Monday, September 21, 2009
The best things come out of jams. Tony, our bassist, started experimenting with some chords, which sounded cool on the bass. The progression was similar to one of our other songs, but on the bass sounded totally different, too. So we played with it, and after a while had a start to a new song.
We've been playing together for about three years now (at least, Tony and I have; Nick's been with us for about two years), but upon practicing over the weekend, I was reminded how cool it is for a few people to get together and make music. I'm not necessarily talking about us like we're the coolest thing since sliced bread, but what I mean is that it happens all over the world; people get together, work with one another, and speak a language that surpasses nationalities. Music really is a wonderful thing. I feel very blessed that I have been able to take part of it in any way.
Friday, September 11, 2009
I really don't know what to say about September 11. As I thought about it today, I thought about how this morning really felt a lot like that September morning eight years ago. I had weight training in the morning, and the radio was interrupted to broadcast the events unfolding in New York. It wasn't until I got to my next class that I really grasped what was going on; until that point we only had a vague idea of what was going on; I recall hearing a plane had crashed, but thought it was an accident. But when I saw what happened, it was a different story entirely.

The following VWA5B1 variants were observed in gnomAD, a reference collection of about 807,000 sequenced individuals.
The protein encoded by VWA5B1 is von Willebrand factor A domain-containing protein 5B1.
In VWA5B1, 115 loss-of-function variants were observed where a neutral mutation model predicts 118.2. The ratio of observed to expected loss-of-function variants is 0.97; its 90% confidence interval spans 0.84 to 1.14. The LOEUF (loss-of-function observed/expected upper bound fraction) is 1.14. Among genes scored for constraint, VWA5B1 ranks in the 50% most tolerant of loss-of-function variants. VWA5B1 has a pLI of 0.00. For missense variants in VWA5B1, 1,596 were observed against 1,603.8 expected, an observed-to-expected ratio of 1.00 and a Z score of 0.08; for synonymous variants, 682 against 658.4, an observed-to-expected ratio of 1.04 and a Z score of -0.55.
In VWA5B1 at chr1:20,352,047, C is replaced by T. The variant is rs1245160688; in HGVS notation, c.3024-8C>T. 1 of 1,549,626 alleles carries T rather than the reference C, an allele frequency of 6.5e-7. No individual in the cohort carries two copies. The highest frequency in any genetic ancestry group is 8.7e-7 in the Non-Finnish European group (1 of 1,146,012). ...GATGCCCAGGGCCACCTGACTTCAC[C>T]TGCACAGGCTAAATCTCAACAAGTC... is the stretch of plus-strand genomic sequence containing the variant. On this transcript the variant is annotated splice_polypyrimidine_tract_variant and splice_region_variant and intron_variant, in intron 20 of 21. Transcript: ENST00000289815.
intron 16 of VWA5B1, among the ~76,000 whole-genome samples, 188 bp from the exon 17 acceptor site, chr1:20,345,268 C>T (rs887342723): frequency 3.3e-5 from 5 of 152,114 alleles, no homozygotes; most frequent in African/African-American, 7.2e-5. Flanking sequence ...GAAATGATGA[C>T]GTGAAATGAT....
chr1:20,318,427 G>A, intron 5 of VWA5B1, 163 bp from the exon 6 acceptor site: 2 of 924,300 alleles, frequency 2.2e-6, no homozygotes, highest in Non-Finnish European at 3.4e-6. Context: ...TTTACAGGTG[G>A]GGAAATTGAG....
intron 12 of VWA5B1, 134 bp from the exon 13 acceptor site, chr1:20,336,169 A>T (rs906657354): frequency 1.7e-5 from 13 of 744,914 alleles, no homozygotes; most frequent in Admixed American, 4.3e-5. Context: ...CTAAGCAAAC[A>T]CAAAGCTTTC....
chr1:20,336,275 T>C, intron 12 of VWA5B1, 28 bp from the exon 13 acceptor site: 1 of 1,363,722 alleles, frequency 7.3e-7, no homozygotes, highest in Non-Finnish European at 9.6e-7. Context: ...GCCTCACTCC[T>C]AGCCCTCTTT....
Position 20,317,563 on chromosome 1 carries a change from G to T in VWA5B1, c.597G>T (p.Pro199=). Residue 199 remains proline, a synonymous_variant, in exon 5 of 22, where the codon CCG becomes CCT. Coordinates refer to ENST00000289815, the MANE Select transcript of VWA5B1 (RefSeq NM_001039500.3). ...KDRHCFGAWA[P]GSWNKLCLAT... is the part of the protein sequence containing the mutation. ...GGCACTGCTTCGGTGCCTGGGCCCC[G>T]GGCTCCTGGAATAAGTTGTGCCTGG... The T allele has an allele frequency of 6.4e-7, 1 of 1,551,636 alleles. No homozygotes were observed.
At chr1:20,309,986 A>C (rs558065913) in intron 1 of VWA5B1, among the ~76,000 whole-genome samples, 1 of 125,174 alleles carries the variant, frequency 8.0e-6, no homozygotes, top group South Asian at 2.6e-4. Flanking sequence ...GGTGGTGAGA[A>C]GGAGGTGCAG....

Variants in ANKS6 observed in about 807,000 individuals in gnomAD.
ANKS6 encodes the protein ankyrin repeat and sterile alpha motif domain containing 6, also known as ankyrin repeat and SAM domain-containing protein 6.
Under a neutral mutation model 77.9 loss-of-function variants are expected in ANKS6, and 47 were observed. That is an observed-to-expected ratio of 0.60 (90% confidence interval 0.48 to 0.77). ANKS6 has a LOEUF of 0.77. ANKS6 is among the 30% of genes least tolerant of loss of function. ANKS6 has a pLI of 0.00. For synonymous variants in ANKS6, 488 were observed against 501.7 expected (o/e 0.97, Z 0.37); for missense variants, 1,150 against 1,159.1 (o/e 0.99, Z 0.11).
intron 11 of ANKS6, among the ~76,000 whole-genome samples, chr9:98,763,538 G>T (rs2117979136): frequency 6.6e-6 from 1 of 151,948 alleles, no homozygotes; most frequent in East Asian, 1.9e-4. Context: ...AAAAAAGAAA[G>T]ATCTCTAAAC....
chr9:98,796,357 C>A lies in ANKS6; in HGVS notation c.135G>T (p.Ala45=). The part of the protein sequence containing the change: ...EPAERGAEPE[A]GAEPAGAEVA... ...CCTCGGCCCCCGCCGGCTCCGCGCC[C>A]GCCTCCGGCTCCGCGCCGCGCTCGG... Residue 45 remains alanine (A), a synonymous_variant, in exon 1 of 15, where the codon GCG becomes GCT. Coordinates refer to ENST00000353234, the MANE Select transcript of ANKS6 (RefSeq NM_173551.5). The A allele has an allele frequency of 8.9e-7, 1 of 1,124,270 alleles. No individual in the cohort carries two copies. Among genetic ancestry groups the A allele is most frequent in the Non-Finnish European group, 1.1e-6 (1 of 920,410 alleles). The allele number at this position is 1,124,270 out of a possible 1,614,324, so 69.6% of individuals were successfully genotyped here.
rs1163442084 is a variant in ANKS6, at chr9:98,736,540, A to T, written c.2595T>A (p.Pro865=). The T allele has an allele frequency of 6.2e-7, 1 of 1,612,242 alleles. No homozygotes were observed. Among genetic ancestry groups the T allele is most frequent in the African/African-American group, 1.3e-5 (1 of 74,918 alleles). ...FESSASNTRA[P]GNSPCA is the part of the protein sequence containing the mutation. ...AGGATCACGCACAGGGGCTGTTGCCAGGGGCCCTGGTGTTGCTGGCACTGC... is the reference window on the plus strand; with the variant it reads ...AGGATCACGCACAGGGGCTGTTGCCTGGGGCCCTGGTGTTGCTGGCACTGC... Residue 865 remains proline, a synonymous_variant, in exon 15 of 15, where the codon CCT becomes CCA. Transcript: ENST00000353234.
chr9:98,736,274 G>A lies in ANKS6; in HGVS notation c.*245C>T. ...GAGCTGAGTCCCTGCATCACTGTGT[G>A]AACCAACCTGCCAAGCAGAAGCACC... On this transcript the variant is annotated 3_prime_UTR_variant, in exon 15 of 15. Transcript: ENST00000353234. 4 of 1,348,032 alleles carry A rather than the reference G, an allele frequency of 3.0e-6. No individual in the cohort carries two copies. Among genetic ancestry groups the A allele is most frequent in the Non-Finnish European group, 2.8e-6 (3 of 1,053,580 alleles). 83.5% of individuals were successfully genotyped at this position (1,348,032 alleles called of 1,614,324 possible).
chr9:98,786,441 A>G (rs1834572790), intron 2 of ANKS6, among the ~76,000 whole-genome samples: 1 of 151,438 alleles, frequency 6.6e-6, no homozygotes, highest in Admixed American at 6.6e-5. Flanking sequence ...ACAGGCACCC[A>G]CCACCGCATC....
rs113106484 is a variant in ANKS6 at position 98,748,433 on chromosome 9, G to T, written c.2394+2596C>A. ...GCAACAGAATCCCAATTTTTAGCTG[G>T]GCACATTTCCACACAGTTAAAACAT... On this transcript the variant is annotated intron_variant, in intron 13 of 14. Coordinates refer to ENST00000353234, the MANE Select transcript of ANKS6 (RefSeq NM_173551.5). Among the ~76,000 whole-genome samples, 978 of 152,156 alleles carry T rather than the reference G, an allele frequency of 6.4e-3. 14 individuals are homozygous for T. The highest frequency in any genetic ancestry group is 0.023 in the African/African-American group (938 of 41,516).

Everyone who was old enough to remember what happened, I'm sure, will remember it forever. That's not something that leaves you.
I hope it's the same for everyone else, but for me, I don't think I'll ever forget the sense of unity and compassion that was felt on September 12, and the hope that was felt in the days after. I think it's a shame that, after the unity we felt after the country was attacked--where race, political ideology, and religious/social/economic differences didn't matter anymore--has been replaced with a divide that polarizes us on the national issues we face currently, and over the past several years. I hope that, without another devastating event, we can agree to disagree but be respectful and caring towards one another again. Because regardless of our race, political ideologies, and religious/social/economic differences, we're all Americans and want what is best for our country.
In closing, I hope you might take a few minutes to watch this. I think of it often when I think of September 11. It touched me the first time I saw it, and it touches my heart still today.
God bless America.
I can't get the video to embed, so please go here.
Tuesday, September 8, 2009
Wednesday, August 19, 2009
Tuesday, August 18, 2009